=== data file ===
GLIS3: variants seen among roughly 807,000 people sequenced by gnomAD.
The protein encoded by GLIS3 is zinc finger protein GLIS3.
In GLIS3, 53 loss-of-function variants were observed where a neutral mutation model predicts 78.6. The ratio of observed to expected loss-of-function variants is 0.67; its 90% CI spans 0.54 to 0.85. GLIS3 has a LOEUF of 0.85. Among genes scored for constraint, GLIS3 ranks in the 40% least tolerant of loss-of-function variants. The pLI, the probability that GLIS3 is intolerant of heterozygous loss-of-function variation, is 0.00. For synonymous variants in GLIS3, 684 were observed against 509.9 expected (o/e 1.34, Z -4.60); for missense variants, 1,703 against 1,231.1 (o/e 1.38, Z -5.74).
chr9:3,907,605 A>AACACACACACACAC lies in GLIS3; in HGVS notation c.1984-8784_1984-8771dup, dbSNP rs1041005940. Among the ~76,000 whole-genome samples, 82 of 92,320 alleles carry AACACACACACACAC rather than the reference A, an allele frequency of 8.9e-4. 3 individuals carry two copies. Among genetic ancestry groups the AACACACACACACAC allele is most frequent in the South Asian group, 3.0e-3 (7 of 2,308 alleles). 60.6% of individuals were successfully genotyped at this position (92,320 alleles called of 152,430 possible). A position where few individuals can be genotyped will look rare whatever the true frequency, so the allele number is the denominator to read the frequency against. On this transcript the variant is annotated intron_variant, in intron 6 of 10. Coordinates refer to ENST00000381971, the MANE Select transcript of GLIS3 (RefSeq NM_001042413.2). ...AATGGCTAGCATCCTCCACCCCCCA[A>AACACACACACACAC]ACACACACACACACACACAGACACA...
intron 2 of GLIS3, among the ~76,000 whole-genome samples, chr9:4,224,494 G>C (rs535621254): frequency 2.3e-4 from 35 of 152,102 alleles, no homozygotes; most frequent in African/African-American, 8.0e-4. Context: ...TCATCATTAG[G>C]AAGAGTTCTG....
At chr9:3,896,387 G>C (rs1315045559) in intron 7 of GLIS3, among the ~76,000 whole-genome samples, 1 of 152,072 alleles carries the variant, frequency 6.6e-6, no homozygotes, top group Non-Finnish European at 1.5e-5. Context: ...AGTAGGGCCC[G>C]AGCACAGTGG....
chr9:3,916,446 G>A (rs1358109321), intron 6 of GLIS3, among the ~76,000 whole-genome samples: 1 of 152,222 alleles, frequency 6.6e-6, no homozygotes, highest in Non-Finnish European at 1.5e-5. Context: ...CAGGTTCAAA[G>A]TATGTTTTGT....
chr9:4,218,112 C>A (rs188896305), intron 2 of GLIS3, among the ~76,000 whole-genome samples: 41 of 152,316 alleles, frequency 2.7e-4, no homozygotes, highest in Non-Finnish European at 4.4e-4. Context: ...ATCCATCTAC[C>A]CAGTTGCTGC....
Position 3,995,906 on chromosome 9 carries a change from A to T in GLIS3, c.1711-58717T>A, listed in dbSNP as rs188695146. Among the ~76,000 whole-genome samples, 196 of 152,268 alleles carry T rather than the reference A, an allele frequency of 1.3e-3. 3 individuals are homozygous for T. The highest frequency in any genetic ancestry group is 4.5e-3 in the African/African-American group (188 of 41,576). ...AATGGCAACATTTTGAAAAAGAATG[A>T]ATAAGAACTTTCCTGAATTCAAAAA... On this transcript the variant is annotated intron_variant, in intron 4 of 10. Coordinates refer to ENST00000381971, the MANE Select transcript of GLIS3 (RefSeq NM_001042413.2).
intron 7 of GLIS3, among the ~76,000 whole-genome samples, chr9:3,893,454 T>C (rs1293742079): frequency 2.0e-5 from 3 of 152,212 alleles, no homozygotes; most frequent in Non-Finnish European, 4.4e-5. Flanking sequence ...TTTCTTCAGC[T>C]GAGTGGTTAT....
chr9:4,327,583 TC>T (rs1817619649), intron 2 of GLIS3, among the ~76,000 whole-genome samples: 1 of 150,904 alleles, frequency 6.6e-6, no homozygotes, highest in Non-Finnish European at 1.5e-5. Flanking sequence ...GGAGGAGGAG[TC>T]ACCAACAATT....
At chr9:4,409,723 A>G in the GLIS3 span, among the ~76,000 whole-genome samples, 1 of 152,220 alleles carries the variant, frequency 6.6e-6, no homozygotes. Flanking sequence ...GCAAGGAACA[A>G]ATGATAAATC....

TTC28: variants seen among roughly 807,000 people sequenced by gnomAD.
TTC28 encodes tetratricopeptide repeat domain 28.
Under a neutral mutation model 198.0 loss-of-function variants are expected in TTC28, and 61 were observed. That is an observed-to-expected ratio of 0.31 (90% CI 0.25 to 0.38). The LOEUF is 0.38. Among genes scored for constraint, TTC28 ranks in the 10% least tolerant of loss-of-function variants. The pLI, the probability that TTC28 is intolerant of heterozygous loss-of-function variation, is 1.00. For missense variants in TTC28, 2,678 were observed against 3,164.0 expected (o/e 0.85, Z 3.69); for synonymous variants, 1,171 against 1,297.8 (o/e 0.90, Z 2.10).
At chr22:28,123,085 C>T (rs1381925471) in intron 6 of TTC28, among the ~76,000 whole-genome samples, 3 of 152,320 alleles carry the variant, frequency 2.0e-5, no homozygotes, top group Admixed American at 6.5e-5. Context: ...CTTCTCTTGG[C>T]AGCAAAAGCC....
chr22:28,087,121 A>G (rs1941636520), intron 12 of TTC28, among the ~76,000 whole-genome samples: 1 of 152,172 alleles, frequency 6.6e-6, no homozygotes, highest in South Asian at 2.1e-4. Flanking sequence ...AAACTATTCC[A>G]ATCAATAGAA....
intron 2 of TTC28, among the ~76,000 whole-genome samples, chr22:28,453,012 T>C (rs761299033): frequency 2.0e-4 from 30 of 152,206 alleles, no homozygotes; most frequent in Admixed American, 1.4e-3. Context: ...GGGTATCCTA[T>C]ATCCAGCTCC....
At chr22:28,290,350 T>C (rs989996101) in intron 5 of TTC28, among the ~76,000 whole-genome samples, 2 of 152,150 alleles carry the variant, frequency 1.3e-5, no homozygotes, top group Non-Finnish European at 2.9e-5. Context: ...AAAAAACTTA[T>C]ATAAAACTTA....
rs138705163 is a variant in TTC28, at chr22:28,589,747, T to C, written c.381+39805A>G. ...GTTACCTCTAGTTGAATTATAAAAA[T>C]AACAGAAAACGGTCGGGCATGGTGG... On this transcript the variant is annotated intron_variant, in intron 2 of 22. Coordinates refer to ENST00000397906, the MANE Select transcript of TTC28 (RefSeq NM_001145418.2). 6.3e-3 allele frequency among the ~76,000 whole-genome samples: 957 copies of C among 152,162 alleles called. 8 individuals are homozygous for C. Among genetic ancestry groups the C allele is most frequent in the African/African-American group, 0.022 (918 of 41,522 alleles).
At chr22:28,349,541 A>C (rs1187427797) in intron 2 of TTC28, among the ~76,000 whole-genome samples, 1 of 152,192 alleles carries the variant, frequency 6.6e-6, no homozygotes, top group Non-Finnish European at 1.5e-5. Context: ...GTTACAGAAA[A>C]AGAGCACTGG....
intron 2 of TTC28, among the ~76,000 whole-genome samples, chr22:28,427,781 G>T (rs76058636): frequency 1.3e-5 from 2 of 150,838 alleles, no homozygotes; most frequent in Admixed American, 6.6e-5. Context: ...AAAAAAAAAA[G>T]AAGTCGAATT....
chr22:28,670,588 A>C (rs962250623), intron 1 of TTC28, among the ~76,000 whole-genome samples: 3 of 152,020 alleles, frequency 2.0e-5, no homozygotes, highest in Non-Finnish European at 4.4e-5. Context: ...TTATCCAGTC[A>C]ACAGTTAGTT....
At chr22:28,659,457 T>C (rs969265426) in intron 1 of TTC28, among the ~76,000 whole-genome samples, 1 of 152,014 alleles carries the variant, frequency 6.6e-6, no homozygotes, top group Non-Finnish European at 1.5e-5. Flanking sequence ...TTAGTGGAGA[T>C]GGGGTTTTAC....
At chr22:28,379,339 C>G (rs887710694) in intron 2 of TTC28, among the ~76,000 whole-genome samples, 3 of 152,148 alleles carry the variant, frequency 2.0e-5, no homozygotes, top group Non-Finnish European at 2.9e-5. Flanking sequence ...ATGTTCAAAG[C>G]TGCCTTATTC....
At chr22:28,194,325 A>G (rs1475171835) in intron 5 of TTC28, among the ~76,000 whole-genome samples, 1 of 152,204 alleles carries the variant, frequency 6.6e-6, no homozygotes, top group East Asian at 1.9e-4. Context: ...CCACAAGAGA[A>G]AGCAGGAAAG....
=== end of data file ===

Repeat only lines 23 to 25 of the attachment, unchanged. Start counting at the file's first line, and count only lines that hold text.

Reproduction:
chr22:28,670,588 A>C (rs962250623), intron 1 of TTC28, among the ~76,000 whole-genome samples: 3 of 152,020 alleles, frequency 2.0e-5, no homozygotes, highest in Non-Finnish European at 4.4e-5. Context: ...TTATCCAGTC[A>C]ACAGTTAGTT....
At chr22:28,659,457 T>C (rs969265426) in intron 1 of TTC28, among the ~76,000 whole-genome samples, 1 of 152,014 alleles carries the variant, frequency 6.6e-6, no homozygotes, top group Non-Finnish European at 1.5e-5. Flanking sequence ...TTAGTGGAGA[T>C]GGGGTTTTAC....
At chr22:28,379,339 C>G (rs887710694) in intron 2 of TTC28, among the ~76,000 whole-genome samples, 3 of 152,148 alleles carry the variant, frequency 2.0e-5, no homozygotes, top group Non-Finnish European at 2.9e-5. Flanking sequence ...ATGTTCAAAG[C>G]TGCCTTATTC....